The Legislature . . . has granted to cities the power to prevent injury or annoyance within the limits of the corporation from anything dangerous, offensive or unhealthy. . . . It is familiar law that the state cannot part with its right to exercise the inherent attributes of sovereignty, among which undoubtedly is the police power. The retention and exercise of this power by the state is necessary for the protection of citizens and cannot by any means be bartered away. This applies to the police power delegated to municipal corporations. It is a continuing power which the municipality cannot part with by contract, or by other means.

Id. at 105. It is not patently unreasonable that a city, in pursuit of the salutary goals of public health and cleanliness, would require a citizen to dispose of solid wastes in the manner dictated by ordinance. I consequently believe the proposed ordinance is permissible.

Question 2: Can the city levy a fee for this garbage pickup on the city's water and sewer billing?

I have found no Arkansas statute or case law directly addressing this issue. As reflected in the enclosed Op. Att'y Gen. 87-365, while it is generally impermissible to cut off one municipal service for failure to pay for an unrelated service, solid waste management and water services have been deemed sufficiently closely related to support cutting off water for failure to pay a garbage-pickup fee. See, e.g., Cassidy v. Bowling Green, 368 S.W.2d 318 (Ky. 1963); Breckenridge v. Cozart, 478 S.W.2d 162 (Tex. 1972). Accordingly, I believe it would be permissible to bill these services together.

Section 14-229-103 does provide for termination of water service for failure to pay a sewer fee but does not mention garbage fees.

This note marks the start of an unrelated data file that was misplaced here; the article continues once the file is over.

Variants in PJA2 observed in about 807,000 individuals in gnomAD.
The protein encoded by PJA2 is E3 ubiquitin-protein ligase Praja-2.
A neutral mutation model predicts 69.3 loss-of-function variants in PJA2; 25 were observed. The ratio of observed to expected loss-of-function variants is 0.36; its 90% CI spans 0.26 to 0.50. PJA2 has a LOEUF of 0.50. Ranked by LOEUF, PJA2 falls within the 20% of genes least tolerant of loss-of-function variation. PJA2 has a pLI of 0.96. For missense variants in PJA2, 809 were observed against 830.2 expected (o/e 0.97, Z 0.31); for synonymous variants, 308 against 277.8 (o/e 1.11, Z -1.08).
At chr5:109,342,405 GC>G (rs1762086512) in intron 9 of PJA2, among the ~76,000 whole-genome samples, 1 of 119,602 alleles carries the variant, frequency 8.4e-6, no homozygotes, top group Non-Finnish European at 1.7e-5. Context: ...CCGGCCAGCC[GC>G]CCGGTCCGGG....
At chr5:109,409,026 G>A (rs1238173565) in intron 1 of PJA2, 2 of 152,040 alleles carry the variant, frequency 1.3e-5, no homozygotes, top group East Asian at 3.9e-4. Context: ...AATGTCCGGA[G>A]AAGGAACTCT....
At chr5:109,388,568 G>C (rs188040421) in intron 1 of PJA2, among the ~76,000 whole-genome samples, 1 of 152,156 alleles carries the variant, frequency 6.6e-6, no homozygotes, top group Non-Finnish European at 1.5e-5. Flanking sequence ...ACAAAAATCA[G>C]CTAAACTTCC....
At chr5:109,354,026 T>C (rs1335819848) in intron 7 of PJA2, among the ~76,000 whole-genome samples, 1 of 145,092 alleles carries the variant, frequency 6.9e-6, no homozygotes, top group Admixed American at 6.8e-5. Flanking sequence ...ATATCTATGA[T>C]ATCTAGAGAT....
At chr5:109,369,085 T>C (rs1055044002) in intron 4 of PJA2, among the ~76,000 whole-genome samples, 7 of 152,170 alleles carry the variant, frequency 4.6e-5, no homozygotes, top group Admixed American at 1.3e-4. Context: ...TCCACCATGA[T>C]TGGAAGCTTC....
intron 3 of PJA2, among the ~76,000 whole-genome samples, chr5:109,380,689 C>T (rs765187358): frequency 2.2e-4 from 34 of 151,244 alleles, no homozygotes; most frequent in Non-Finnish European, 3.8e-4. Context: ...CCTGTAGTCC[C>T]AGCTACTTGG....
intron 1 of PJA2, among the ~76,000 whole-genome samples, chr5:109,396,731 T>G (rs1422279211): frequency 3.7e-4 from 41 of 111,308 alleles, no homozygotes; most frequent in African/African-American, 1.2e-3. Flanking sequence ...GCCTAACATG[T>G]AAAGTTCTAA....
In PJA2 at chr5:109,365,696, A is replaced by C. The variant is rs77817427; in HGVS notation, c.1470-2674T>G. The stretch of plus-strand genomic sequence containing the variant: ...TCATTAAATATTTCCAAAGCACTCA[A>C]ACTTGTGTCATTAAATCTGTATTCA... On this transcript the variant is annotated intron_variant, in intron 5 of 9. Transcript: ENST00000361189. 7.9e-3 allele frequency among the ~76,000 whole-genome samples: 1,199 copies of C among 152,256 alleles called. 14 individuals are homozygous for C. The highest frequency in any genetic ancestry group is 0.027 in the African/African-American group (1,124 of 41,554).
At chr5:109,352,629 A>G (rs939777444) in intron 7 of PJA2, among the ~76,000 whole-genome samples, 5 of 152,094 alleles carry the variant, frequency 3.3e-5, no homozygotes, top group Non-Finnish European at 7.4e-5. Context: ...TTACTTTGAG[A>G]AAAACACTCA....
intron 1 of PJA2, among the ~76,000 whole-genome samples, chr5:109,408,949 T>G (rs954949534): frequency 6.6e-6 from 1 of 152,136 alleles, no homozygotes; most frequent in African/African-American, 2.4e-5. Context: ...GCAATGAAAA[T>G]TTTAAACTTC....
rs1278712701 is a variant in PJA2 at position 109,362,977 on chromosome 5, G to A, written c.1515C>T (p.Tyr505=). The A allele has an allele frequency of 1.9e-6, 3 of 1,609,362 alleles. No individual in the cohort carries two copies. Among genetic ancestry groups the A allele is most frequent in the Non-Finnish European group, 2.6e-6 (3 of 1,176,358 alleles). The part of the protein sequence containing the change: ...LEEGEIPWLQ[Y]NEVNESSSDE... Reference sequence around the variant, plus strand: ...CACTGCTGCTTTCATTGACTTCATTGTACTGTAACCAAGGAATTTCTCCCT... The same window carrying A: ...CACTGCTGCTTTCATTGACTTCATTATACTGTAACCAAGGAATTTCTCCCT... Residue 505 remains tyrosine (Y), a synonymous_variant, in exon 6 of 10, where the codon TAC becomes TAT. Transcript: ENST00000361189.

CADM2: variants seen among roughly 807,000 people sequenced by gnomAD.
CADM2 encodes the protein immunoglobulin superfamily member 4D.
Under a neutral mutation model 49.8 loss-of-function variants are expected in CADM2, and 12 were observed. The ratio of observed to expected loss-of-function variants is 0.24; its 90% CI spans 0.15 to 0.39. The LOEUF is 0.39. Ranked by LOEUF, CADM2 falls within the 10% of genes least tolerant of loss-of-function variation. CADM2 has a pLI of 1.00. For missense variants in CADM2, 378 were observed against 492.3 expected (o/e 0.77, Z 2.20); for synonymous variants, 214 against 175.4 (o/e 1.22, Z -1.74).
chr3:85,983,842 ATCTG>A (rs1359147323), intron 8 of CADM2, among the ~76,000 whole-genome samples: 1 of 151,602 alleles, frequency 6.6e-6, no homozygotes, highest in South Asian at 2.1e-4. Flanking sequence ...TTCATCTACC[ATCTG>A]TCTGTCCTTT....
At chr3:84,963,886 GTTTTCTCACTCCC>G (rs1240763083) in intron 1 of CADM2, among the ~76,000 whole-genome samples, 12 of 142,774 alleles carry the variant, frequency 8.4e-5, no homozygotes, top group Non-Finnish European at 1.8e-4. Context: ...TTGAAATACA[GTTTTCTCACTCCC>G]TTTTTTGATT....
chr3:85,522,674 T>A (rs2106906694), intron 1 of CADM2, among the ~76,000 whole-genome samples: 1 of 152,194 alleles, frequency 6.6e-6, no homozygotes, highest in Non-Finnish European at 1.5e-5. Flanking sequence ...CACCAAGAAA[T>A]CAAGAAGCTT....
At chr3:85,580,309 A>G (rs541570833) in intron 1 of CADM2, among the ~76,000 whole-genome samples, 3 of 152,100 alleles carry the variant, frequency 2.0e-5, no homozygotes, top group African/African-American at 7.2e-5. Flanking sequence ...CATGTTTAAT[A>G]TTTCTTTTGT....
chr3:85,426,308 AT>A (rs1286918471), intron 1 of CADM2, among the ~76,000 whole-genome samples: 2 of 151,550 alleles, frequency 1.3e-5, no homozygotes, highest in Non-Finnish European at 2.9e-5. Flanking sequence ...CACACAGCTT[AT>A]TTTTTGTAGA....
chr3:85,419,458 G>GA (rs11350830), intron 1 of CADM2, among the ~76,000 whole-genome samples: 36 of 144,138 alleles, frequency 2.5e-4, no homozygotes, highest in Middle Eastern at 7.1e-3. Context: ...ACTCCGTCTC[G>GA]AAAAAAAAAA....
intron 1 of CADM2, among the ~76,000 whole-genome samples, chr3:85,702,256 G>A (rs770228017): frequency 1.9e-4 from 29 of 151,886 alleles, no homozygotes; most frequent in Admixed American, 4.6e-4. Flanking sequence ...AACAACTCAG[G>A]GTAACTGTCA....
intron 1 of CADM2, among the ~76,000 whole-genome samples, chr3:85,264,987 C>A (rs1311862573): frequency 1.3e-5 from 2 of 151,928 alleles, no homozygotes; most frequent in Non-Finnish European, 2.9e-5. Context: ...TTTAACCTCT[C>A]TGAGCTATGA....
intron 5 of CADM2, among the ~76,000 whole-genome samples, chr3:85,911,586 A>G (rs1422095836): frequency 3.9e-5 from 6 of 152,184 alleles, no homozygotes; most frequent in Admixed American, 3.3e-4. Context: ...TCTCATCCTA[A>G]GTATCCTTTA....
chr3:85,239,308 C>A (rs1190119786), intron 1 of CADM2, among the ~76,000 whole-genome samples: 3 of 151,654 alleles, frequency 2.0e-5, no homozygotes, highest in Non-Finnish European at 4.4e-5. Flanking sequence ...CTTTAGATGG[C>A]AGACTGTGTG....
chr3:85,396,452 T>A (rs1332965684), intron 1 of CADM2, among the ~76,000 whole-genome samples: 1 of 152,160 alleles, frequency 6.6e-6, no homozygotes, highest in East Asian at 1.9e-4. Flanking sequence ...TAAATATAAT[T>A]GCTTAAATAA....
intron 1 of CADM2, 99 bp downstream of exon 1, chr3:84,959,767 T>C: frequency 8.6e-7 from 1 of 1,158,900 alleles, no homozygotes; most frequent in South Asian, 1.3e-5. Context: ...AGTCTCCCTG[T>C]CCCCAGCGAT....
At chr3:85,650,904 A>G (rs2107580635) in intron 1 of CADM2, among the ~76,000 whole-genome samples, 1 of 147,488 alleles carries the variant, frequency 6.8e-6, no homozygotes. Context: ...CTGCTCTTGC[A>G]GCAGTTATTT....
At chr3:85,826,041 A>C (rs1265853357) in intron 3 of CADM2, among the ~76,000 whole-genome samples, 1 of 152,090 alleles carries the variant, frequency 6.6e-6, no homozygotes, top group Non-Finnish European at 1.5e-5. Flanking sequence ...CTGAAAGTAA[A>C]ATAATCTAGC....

Question 3: Can the city Water and Sewer Department turn off a resident's or business' water for nonpayment of the garbage fee?

As reflected in my response to Question 2, I believe the answer to this question is "yes." However, as reflected in my response to Question 1, the legislature has sanctioned an alternative enforcement mechanism — namely, billing for garbage pick-up along with property taxes and imposing a lien on real and personal property for any deficiency. Cf. Arkansas County v. Burris, 308 Ark. 490, 825 S.W.2d 590 (1992) (prohibiting this enforcement procedure prior to the time the legislature expressly approved it).

Assistant Attorney General Jack Druff prepared the foregoing opinion, which I hereby approve.


MARK PRYOR Attorney General



Summaries of

Opinion No. 2000-003

Attorney General of Arkansas — Opinion
Feb 28, 2000
Opinion No. 2000-003 (Ops.Ark.Atty.Gen. Feb. 28, 2000)
Case details for

Opinion No. 2000-003

Case Details

Full title:Opinion No. 2000-003

Court:Attorney General of Arkansas — Opinion

Date published: Feb 28, 2000


Opinion No. 2000-003 (Ops.Ark.Atty.Gen. Feb. 28, 2000)